No, the tuner does not create anything on the antenna at all.
In the case of the EDZ, there is a natural current node (null) and voltage
loop (maximum) at the antenna end, but that is a function of the antenna
itself--and can be demonstrated by modeling the antenna both with and
without feedlines and matching networks. The center 1/4 wl acts as a
phasing section between two 1/2 wl wire sections, so the current maxima
are 1/4 wl inward from the end, leaving voltage maxima on the ends. In
fact, one can get the same performance as from an EDZ by taking two 1/2 wl
wires and placing them in a line, with 1/4 wl (or threreabouts) between
the ends and then feeding the two 1/2 wires in phase.
In general, tuners match the impedance presented by the feedline to some
other impedance--most usually these days, 50 Ohms to the transceiver.
They also compensate for reactance at the line end by introducing an equal
magnitude but opposite type of impedance to the line. These conditions
often make the difference between whether any or much power can enter the
antenna-feedline system. However, antenna patterns are functions of the
Some folks like to think of phased elements as exceptions to this rule,
because we very often use a length of transmission line to effect the
change in current magnitude and phase between two elements. However, it
is also possible to feed each element from an independent set of sources
having the requisite current magnitude and phase difference and get the
same pattern. Hence, the phasing line is just a convenient (and often
inconvenient) method of splitting and transforming the current. The
antenna elements do the antenna work.
Tuners often use networks, most commonly of 2 or 3 elements (L, PI, Tee,
etc.). Hence, with the right calculations, they can transform impedance
and effect a phase shift in both the voltage and current (so that they
remain in phase with each other) relative to the input end. This ability
is also used to effect phasing between elements. However, the elements
themselves determine the voltage and current magnitude and phase along
In analyzing feedlines and antenna tuner functions, it is usually best to
start from the load end of the line--the antenna or dummy load (and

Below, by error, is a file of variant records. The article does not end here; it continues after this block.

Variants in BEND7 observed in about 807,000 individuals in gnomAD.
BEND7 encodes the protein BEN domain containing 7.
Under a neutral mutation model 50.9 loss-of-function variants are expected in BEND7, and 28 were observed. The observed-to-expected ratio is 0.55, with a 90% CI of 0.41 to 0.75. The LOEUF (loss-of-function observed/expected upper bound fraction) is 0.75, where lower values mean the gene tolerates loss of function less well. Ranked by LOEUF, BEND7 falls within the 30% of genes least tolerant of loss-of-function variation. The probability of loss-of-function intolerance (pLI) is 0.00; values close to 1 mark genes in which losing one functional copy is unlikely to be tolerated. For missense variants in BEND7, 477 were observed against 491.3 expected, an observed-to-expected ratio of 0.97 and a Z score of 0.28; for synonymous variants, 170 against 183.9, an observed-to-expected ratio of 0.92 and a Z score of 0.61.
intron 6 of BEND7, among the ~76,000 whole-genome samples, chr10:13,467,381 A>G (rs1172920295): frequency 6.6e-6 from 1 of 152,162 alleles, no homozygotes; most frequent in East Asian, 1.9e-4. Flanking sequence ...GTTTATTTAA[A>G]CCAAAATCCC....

hopefully, these are not one and the same) and work backwards to the
source of power (or in reception, from the antenna as source to the
receiver as load). The antenna presents a set of conditions called the
source impedance. The feedline is in series with the antenna feedpoint
and the match or mismatch between the antenna source impedance and the
characteristic impedance determines the voltage and current (their
magnitude and phase) and the resistance and reactance everywhere down the
line until it ends at the matching network or the source. By thinking in
this direction, we come to see that the antenna--by virtue of its
geometry--determines the standing values of current magnitude and phase
along its elements, which are everywhere proportional to the energy
reaching the antenna, but in the pattern determined by the antenna. The
tuner cannot modify these factors, but only have an influence on how much
energy might be getting from the source to the feedline system.
Matters like antenna gain are measured in dB, which is a function of a
power ratio. So the antenna gain is independent of the amount of power in
the system, since the power ratio is a comparison of the antenna at hand
with some standard source, whether an isotropic source (dBi) or a perfect
lossless thin wire dipole (dBd) [both hypothetical or mathematical
standards and not to be confused with an actual dipole or other antenna in
the back yard]. So an antenna with 10 dB gain has that gain whether the
power is 1 watt of 1500 watts. Likewise, the pattern shape is independent
of the power level.
Since the tuner at most--in the course of effecting a match between one
line and another--might determine how much power reaches the
feedline/antenna system, it does not affect the antenna pattern or gain or
current distribution along the antenna elements.
I hope this helps.
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